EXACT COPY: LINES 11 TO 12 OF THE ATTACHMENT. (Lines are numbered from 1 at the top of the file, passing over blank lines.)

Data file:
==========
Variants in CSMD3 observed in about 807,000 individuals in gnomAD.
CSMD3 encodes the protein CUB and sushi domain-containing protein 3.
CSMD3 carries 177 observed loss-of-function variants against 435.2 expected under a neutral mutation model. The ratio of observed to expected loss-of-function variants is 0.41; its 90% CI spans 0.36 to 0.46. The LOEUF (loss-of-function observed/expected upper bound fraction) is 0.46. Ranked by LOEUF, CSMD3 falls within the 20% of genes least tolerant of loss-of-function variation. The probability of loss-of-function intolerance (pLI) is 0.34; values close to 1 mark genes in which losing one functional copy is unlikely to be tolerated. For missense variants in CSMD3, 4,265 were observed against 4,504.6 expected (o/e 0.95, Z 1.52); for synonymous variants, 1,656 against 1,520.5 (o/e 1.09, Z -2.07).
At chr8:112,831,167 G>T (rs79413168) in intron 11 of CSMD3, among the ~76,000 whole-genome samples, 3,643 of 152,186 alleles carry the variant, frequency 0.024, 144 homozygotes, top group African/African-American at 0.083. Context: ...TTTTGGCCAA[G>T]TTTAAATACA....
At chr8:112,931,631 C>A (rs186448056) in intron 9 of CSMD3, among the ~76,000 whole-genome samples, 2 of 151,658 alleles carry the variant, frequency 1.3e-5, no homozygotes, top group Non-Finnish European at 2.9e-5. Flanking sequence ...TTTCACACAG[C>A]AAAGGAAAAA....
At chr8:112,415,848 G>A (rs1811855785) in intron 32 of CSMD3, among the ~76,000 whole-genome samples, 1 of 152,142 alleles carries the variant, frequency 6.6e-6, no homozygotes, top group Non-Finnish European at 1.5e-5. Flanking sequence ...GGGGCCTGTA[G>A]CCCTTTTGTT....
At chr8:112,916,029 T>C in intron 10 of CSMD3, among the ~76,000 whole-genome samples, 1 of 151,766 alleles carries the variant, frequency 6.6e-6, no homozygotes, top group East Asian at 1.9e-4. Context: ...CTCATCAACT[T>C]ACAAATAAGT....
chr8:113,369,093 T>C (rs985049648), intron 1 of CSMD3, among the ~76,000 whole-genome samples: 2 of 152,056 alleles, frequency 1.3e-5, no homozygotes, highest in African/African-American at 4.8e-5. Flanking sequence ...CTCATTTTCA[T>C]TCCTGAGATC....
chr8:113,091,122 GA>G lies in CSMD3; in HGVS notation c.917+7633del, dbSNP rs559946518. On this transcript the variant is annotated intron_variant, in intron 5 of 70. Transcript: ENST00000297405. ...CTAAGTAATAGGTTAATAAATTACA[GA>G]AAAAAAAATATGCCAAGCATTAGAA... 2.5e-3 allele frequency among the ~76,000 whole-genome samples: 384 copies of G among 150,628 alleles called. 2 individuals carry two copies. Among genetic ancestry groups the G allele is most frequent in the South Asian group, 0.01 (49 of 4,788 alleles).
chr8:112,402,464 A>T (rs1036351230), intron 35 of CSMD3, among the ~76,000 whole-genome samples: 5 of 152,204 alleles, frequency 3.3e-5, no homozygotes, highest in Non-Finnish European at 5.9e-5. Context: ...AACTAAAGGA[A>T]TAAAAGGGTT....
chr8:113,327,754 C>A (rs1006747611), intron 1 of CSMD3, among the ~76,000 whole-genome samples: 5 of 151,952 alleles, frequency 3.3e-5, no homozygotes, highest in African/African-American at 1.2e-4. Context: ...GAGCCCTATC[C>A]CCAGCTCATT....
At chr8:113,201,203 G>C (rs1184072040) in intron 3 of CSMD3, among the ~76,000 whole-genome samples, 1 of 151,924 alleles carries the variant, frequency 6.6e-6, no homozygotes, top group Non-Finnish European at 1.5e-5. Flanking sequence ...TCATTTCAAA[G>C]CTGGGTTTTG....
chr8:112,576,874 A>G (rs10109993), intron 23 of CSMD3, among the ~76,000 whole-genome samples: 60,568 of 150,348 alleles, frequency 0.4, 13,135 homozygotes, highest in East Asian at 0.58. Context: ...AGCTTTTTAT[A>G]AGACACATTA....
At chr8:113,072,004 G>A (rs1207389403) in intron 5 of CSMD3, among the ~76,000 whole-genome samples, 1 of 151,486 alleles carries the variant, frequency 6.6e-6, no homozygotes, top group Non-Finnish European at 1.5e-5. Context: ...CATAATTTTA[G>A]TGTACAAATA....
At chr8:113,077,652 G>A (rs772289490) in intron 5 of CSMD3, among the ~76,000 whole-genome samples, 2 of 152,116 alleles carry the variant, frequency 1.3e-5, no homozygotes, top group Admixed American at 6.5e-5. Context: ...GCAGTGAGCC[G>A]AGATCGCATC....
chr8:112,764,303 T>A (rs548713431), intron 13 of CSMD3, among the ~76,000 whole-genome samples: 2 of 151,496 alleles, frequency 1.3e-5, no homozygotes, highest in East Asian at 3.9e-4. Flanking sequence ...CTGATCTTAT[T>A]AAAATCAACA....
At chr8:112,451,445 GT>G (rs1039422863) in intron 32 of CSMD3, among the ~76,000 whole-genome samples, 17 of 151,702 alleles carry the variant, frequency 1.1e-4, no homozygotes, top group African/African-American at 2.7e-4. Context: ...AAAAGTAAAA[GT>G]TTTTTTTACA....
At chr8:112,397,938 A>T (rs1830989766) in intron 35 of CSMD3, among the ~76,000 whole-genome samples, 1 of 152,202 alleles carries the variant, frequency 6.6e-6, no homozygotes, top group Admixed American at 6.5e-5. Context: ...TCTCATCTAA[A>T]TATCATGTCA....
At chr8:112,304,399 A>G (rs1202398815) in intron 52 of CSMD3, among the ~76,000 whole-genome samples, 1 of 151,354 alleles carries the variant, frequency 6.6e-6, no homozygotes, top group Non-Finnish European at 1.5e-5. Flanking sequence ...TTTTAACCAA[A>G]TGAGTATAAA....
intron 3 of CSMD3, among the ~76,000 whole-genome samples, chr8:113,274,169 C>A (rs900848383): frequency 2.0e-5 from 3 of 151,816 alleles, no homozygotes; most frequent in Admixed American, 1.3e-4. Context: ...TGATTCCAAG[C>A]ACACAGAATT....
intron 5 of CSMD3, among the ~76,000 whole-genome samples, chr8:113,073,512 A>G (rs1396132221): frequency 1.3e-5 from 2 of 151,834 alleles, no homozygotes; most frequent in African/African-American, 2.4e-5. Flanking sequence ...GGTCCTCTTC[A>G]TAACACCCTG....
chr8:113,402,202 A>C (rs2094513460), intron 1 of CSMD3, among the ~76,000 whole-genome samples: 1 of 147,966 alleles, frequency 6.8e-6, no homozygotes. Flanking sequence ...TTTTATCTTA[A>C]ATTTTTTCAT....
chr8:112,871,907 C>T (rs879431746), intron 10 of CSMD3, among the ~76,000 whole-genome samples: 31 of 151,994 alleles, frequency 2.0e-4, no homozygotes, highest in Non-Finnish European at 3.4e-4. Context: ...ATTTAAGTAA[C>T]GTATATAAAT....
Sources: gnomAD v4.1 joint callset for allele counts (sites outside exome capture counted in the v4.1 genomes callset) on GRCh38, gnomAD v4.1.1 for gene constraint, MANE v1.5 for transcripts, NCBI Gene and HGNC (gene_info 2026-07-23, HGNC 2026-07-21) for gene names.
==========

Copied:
chr8:113,327,754 C>A (rs1006747611), intron 1 of CSMD3, among the ~76,000 whole-genome samples: 5 of 151,952 alleles, frequency 3.3e-5, no homozygotes, highest in African/African-American at 1.2e-4. Context: ...GAGCCCTATC[C>A]CCAGCTCATT....
At chr8:113,201,203 G>C (rs1184072040) in intron 3 of CSMD3, among the ~76,000 whole-genome samples, 1 of 151,924 alleles carries the variant, frequency 6.6e-6, no homozygotes, top group Non-Finnish European at 1.5e-5. Flanking sequence ...TCATTTCAAA[G>C]CTGGGTTTTG....